NATO member says American troops won’t be sent to Russian border
The new government of Norway, a NATO member state, has said that it is planning to phase out the US-led military bloc’s forces stationed near the border with neighboring Russia, instead replacing them with its own soldiers.
“It’s very important for Norway to have a military presence in nearby regions,” Anniken Huitfeldt, Norwegian Minister of Foreign Affairs, told local outlet VG on Friday. “But in our opinion, directly next to the Russian border it’s better for us to handle it ourselves – with the help of Norwegian planes and ships.”
Huitfeldt said that she planned to discuss this question with fellow NATO countries the United Kingdom and United States, and emphasized that she was acting in the interests of her country. She also noted that there were no more American forces near the border with Russia than at previous times in the “post-war period.”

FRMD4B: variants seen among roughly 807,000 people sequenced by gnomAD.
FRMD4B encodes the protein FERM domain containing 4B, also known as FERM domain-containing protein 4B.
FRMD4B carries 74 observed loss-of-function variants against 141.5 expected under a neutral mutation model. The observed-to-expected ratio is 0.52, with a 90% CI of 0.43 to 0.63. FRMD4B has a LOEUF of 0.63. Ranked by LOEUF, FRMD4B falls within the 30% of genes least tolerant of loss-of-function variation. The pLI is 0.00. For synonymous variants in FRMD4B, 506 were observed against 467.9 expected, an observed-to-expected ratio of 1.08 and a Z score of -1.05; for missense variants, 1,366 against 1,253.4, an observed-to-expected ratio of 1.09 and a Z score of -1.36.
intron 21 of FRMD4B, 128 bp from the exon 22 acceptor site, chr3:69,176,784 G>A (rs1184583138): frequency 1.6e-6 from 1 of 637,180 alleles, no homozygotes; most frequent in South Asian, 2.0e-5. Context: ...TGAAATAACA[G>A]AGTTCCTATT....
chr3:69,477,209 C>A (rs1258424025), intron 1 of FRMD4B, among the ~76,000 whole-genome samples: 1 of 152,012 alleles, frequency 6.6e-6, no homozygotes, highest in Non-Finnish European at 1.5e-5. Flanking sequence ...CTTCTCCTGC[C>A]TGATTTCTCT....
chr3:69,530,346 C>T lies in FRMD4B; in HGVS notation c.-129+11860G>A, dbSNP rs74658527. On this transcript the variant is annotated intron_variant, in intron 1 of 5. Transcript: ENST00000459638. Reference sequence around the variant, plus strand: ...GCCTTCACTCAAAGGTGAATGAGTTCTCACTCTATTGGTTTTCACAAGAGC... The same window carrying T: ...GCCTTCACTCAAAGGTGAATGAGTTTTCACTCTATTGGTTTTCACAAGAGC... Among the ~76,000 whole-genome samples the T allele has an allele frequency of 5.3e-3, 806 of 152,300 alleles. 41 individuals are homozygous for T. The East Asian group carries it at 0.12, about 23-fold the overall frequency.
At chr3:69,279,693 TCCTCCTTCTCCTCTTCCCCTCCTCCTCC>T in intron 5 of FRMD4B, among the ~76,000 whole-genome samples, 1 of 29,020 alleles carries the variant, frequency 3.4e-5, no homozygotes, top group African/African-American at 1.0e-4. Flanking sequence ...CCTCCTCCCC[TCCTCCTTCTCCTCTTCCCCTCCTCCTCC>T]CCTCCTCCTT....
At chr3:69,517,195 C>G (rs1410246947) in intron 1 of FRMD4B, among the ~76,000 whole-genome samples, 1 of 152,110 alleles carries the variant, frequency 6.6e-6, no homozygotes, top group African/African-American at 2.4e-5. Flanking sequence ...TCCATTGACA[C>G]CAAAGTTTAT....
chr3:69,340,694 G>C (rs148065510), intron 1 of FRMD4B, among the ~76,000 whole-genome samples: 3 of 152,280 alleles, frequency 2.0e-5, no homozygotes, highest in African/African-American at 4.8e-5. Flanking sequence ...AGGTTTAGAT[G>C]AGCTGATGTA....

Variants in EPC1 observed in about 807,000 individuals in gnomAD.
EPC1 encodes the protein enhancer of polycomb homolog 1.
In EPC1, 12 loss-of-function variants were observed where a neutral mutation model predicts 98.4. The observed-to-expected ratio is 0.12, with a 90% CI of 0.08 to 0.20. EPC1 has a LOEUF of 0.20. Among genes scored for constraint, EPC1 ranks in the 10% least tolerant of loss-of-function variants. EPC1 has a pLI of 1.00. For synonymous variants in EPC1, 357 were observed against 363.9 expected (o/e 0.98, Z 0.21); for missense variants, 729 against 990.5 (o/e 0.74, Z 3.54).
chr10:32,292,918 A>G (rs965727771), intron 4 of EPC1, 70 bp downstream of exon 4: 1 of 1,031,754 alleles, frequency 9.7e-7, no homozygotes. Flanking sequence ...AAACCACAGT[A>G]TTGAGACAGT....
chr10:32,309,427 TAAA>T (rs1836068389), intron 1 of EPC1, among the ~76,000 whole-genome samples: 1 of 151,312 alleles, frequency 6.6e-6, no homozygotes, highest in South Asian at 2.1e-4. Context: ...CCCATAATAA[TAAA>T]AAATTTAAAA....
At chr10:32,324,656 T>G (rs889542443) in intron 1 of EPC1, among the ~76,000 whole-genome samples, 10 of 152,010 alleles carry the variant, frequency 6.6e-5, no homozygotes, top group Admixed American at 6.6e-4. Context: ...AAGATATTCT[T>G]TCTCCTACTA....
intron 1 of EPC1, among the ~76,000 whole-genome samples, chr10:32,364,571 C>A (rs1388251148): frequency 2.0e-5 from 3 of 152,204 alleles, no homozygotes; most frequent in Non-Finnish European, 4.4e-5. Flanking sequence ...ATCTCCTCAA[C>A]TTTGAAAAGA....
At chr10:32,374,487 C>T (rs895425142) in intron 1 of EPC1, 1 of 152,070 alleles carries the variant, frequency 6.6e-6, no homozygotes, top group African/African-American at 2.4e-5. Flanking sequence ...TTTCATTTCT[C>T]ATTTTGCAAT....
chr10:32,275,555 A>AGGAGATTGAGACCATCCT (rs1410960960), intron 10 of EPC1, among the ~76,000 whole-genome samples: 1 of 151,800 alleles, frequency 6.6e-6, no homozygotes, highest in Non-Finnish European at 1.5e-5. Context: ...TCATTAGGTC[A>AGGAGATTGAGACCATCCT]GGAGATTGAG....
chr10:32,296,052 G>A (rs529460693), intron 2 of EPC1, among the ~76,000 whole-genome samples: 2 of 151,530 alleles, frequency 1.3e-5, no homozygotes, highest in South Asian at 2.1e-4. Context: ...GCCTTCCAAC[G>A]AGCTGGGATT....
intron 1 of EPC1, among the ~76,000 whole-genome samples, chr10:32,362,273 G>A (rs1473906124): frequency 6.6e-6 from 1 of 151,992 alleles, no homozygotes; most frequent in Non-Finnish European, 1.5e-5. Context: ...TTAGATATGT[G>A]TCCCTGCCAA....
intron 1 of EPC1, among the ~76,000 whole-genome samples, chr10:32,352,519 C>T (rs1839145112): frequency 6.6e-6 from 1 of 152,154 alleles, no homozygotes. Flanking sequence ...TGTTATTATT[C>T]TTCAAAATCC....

In May, the Russian Ministry of Foreign Affairs accused Oslo of militarizing the Arctic after an American atomic submarine stopped at a civilian port in Troms, in northern Norway. Top diplomatic spokeswoman Maria Zakharova blasted the country for purportedly seeking to exacerbate tensions in the region in order to please the US. She alleged that the port had been “specially modernized for such visits on Washington’s dime” and that it was “another outpost of NATO.”
Norway’s new cabinet, led by Prime Minister Jonas Gahr Stoere of the center-left Labor party, took office in October. Labor is the largest party in Norway, having won the election with 26.3% of the vote, and Stoere presented a minority government including the leader of the eurosceptic Center Party, Trygve Slagsvold Vedum, who became finance minister.